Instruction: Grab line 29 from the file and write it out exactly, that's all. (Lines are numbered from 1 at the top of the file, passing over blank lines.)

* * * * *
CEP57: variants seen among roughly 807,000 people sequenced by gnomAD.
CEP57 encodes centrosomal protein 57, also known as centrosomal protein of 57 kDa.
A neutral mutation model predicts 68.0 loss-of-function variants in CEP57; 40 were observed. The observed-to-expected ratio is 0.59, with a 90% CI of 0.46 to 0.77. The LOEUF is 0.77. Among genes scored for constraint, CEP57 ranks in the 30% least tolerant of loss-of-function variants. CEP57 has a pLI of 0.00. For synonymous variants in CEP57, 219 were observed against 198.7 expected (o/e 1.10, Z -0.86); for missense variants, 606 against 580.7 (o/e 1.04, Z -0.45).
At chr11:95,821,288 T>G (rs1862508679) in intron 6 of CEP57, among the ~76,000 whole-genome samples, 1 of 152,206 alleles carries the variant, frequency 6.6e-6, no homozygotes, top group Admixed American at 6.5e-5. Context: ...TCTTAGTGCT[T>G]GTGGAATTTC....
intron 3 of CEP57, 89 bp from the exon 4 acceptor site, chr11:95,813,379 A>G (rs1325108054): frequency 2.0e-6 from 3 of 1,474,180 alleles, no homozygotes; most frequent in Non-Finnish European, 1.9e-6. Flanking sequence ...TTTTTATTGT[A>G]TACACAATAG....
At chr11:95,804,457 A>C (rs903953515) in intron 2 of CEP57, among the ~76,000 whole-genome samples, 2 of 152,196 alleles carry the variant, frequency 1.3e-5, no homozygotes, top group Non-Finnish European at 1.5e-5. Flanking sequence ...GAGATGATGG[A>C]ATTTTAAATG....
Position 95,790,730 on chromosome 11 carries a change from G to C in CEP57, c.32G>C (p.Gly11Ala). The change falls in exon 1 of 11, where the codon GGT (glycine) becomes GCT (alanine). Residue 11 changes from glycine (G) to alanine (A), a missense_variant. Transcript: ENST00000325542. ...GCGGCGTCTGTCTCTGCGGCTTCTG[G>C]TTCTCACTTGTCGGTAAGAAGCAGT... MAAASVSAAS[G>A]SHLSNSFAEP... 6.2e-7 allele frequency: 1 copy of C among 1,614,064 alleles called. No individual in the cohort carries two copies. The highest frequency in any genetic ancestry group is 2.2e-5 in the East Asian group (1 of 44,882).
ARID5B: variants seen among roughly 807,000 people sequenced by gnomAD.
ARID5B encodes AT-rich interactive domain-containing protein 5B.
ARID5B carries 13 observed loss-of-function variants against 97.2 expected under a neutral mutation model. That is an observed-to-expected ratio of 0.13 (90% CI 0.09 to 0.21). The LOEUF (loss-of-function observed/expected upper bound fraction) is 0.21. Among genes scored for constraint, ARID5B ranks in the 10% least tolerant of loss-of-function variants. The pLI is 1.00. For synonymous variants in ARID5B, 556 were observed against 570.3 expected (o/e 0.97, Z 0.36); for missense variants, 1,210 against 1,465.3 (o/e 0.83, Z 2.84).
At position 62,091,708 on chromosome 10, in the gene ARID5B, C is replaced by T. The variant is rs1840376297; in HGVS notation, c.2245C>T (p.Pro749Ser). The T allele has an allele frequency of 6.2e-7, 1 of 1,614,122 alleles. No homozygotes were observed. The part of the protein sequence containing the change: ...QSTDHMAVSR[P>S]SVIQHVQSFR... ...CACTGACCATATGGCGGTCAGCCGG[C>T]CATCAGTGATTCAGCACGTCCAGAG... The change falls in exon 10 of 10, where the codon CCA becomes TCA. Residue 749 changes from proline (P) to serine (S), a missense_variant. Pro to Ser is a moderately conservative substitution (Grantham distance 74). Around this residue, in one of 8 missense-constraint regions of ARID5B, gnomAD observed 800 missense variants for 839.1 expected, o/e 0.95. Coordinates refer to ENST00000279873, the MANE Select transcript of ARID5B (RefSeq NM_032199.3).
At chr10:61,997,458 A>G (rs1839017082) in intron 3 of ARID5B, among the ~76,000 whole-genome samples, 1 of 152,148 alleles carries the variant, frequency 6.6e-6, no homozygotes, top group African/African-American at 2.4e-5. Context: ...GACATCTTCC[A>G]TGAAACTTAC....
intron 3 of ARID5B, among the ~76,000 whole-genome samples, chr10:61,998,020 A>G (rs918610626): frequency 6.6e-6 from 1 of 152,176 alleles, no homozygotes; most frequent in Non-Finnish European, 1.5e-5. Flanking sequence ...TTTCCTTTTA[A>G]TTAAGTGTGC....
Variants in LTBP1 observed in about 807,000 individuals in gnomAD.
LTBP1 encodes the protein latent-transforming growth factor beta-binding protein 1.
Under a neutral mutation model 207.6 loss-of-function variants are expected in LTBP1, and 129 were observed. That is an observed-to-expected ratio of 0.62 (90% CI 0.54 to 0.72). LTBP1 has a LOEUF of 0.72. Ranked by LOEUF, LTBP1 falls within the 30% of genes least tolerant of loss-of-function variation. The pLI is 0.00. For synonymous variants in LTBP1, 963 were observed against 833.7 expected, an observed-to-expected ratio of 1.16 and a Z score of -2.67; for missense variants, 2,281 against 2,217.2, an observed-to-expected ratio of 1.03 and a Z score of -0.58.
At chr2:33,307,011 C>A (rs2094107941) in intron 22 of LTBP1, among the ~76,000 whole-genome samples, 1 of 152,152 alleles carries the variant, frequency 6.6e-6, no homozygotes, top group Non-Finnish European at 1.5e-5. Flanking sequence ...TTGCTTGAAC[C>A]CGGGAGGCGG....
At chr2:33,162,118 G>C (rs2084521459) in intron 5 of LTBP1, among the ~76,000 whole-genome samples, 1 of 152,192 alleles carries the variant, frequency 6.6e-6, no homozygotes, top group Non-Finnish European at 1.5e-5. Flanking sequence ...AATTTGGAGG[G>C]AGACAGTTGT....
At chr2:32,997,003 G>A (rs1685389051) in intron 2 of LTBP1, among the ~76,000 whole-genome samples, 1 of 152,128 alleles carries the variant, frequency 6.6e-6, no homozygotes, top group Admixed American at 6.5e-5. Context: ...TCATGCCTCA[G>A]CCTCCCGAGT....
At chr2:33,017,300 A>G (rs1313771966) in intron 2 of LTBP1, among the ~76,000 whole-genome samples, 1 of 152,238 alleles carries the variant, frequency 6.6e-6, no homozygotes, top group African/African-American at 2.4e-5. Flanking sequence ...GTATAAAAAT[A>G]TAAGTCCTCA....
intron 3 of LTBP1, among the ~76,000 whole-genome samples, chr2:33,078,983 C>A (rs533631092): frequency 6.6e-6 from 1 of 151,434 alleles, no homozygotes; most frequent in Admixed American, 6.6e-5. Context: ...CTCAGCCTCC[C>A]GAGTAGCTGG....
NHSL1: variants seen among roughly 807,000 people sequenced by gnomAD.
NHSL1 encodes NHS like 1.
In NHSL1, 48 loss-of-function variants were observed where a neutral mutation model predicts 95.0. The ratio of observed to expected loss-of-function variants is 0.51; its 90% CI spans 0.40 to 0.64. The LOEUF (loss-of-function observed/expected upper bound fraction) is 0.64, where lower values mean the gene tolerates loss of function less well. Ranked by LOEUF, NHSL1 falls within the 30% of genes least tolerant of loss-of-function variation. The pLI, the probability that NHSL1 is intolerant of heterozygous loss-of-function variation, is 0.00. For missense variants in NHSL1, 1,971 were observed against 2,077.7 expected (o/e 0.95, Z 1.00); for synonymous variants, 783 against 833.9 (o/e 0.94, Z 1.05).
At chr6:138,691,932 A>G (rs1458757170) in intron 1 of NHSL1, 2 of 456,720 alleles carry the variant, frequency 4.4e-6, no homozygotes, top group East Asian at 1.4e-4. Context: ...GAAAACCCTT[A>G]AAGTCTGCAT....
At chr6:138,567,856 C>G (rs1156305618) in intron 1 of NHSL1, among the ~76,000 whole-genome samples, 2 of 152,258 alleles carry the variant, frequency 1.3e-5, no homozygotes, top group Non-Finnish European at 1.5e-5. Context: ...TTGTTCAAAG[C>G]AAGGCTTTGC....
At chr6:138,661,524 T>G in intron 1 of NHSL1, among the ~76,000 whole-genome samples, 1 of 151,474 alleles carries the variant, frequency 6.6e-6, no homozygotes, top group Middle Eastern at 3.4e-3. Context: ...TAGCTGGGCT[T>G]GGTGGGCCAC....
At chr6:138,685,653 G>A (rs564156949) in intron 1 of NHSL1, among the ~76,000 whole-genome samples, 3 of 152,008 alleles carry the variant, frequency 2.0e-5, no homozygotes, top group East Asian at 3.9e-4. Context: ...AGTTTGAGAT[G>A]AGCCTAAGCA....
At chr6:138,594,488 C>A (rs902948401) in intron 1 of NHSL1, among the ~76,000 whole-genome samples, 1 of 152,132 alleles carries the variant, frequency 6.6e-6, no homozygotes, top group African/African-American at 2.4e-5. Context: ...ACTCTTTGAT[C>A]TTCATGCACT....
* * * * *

At chr6:138,594,488 C>A (rs902948401) in intron 1 of NHSL1, among the ~76,000 whole-genome samples, 1 of 152,132 alleles carries the variant, frequency 6.6e-6, no homozygotes, top group African/African-American at 2.4e-5. Context: ...ACTCTTTGAT[C>A]TTCATGCACT....